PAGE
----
In the present study, DOX did not affect mitochondrial respiratory capacity, which is different from previous reports [25,26,44]. Specifically, Gilliam et al. reported an acute effect of DOX on mitochondrial function (2 h post-treatment), followed by a recovery period (24 h post-treatment) and an eventual reduction of respiratory function (3 days post-treatment) [25]. In the present study, there was no change in mitochondrial respiration at the 3 day time point, which may suggest that mice have a different period of recovery from DOX treatment than rats do. We anticipate that we might observe the impact of DOX on respiratory function with a more acute treatment or a longer one in a mouse model. Interestingly, Tarpey et al. reported decrements in mitochondrial respiration in mice at the 3-day time point, which is different from our results. It should be noted, however, that they used a higher dose of DOX (20 mg/kg) than that used in our study (15 mg/kg) [44]. Our data suggest that mitochondrial dysfunction may not be required to induce impairment in muscle function, as shown with slowed half-relaxation time. However, it should be noted that we did not evaluate respiratory kinetics, such as ADP sensitivity and electron conductance through the electron transport system, which has been previously reported to be affected by DOX treatment [44]. It is possible that respiratory kinetics were altered and that these changes could have affected skeletal muscle energy status and half-relaxation time.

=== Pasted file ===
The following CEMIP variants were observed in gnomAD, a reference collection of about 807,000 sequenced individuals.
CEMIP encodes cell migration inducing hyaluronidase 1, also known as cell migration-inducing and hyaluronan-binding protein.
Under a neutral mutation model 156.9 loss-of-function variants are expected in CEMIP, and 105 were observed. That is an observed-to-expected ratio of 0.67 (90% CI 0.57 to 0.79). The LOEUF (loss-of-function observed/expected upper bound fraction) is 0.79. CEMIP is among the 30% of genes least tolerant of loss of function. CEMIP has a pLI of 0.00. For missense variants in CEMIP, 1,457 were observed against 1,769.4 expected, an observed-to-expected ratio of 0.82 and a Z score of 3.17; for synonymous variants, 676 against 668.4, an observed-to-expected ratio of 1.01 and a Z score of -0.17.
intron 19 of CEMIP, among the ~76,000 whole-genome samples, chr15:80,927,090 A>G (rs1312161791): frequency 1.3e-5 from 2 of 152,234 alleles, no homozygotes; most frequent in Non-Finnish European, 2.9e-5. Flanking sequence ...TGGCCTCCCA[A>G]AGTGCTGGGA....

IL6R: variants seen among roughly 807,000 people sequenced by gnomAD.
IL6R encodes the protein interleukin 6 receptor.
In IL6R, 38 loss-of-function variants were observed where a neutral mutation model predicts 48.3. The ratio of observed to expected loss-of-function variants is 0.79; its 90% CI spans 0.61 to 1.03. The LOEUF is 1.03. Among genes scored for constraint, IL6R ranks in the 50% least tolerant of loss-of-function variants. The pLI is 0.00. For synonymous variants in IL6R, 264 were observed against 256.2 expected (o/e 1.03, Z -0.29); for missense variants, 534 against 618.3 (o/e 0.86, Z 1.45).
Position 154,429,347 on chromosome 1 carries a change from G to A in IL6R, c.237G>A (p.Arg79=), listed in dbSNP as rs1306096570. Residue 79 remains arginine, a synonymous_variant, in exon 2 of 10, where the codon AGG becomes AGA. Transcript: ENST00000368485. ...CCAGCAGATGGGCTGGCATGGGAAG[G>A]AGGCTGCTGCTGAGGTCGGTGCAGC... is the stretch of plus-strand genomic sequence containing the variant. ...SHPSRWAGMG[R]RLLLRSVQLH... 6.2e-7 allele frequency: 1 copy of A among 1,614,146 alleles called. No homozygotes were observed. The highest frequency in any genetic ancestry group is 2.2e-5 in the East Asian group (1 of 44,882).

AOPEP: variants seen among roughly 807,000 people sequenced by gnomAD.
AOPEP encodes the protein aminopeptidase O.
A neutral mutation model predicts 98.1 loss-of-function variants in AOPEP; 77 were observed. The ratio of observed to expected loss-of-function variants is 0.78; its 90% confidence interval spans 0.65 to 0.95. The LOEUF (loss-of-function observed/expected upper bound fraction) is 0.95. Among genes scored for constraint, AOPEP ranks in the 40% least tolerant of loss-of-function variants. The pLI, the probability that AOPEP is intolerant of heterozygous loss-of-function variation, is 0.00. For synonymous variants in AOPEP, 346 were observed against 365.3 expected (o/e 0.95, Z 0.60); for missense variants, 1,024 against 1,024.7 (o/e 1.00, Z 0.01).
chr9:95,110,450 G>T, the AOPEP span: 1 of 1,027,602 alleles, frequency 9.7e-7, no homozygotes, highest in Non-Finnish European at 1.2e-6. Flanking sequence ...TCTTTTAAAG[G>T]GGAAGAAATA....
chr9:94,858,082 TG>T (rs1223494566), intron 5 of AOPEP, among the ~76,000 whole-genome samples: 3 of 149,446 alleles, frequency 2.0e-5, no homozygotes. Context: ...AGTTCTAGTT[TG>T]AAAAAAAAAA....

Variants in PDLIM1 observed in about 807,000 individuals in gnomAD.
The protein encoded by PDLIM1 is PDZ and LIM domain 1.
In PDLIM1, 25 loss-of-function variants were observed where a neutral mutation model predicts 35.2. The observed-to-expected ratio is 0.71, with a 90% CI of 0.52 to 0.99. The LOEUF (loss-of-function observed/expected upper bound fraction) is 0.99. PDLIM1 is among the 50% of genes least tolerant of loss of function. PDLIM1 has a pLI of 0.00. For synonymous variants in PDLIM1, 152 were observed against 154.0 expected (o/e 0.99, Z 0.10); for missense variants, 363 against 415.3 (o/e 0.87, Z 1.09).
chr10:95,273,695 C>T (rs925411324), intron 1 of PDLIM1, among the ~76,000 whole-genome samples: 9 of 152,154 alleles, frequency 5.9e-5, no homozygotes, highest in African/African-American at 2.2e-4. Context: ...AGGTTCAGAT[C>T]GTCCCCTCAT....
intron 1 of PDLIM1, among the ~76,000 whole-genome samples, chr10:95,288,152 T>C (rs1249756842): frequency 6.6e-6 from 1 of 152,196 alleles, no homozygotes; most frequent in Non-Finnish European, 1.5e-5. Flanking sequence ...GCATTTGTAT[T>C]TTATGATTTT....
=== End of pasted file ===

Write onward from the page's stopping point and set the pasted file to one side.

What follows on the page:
Though there was no apparent change in mitochondrial respiration, suggesting that the bioenergetic status of the muscle was intact, we observed a reduction in AMPK phosphorylation following DOX treatment, as well as a reduction in SERCA1 protein expression. It is important to consider that the gastrocnemius muscle used for the measurement of AMPK phosphorylation was excised immediately following the metabolic stress induced by a fatiguing stimulation protocol. Thus, the reduction in AMPK phosphorylation may suggest that DOX impairs the ability of the muscle to respond to energetic stress. These results are consistent with a previous study in rats where DOX was given in the same dose (15 mg/kg) and for the same length of time (3 days), which resulted in a reduction in AMPK phosphorylation in skeletal muscle [45]. Furthermore, it has been shown in cardiac tissue that DOX can induce metabolic stress and a rise in AMP:ATP ratios, while still inhibiting AMPK phosphorylation [46], though there are admittedly mixed results that may depend on the dose and length of treatment [47]. Regardless, several studies suggest that AMPK activation is impaired by DOX, and that AMPK activation may be a potential therapeutic target for protecting cardiac muscle, as discussed in a recent review by Timm and Tyler [47]. To our knowledge, the mechanism for how AMPK activation may be suppressed following DOX treatment has not been characterized. The reduction in phosphorylated AMPK was not rescued by exercise or metformin treatment.